Apr 26, 2013 at 2:41 pm #1302230
I've read the threads of solar panels and IMO it's impossible to figure out the right approach here regarding charging batteries in the wild.
The issues seem to boil down to:
– carrying a battery for short trips is actually lighter than a solar charger
– there are no lightweight solar chargers that you can just buy and have delivered. Lots of people just make their own.
– hiking while charging is near impossible as you spend too much time in the shade.
– charging takes too much time. 8-10 hours
My treks are about 2-10 days each and I tend to spend the entire time hiking with little time at my camp. This means I need a solar charger that can charge while I walk.
I also want something that I can just order online. I'm an engineer but I already have to many projects. I need something that just works.
Thoughts?Apr 26, 2013 at 2:57 pm #1980841
Stephen MBPL Member
@stephen-mLocale: Way up North
Probaly no help to you but I purchased a solar system a couple of year ago and after testing it it at home for a while I decided it was too much off a hassle to use on backpacking trips, I have used it car camping successfully.
On longer trips I carry 2 spare batteries for my phone and and two spare sets of AAA's for headlamp gps, I recently purchasd an Anker USB
charger that will charge my phone 3 or 4 times.
Cheers,Apr 26, 2013 at 2:59 pm #1980843
"- there are no lightweight solar chargers that you can just buy and have delivered. Lots of people just make their own.
– hiking while charging is near impossible as you spend too much time in the shade.
– charging takes too much time. 8-10 hours"
These three points are mostly false. The rest of it is: it depends.
Two weeks ago I bought a solar system over the counter at REI. You must define what you mean by lightweight (3 ounces or 3 pounds?), and you have to define how much power you need.
You can hike while charging, but that is mostly if the charger is hanging down off the back of your backpack while you are headed mostly north, and if you are mostly above treeline. A typical trip for me starts below treeline, but within one day I will be up at treeline or above, so I will have solar power before I need it. A friend of mine hikes for two months at a time in the Alps with a Goal Zero panel hanging off the backpack.
Charging takes too much time if you don't have the right system. My rule of thumb is that if I think I need 5 watts, I buy 10 watts. Except for a little weight, the only penalty might be that it charges too quickly. There are standard charge speeds or rates for most kinds of rechargeable batteries.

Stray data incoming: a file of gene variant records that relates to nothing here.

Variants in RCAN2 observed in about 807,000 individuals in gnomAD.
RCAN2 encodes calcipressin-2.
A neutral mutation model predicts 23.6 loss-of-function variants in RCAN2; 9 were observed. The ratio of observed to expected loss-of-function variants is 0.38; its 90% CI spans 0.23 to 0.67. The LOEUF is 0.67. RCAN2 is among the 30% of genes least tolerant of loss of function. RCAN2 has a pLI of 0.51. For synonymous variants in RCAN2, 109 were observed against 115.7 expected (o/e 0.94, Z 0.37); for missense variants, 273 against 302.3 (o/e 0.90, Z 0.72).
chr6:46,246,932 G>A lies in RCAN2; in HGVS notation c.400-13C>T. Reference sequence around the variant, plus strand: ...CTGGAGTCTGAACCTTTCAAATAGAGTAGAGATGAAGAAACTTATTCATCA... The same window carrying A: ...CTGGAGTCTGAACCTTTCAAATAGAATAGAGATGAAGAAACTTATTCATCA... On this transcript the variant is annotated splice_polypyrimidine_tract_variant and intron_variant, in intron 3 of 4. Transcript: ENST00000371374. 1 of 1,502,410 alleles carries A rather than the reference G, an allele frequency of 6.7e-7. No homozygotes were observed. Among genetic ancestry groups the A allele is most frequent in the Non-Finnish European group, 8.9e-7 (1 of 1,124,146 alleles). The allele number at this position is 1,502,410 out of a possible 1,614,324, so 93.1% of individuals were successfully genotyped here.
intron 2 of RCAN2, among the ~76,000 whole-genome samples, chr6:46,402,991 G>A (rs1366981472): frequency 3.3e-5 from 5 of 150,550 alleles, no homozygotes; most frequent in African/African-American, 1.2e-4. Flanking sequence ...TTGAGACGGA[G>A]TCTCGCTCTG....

–B.G.–Apr 26, 2013 at 3:04 pm #1980846
Yeah. I wanted to clarify. I just need to charge my phone (which is my GPS, camera, etc)
And the biggest problem that I can see is that I only spend 20% of my time in the sun. So I guess 2 hours or so a day are in the sun.
There's usually and hour in the morning and another in the evening when I am at camp. So that's probably 4 hours of sunlight per day.
But in practice my phone lasts about 3 days so it seems like it would take 2 days to recharge it.
My goal is to be able to listen to more audio and watch more movies on my phone – which would require more power.Apr 26, 2013 at 3:18 pm #1980852
You will never find something that fits vague requirements. You need to know how much power your loads require. In the context of a rechargeable battery inside a device, that generally means voltage and amperage applied for X hours.
Most rechargeable batteries want to be charged over a time that is several times slower than the maximum output of the same battery. For a crude example, that means that if it takes 10 hours of use to drain the battery, it might take 40 hours to charge it back. Now, lots of batteries can go faster than that, but typically they have a limited number of charge cycles that they will last.
If you are out on shady trails a lot during the middle of the day, that is unfortunate since that is the best time to collect solar power (when the sun is highest in the sky).
My phone lasts for about 60-90 days on one charge. That is because I never turn it on except for an emergency. On AC-powered charging, it takes it only two hours to charge up. For a proper solar system, it should take about the same amount unless it was going to be shady.
–B.G.–Apr 26, 2013 at 3:21 pm #1980853
Pete StaehlingBPL Member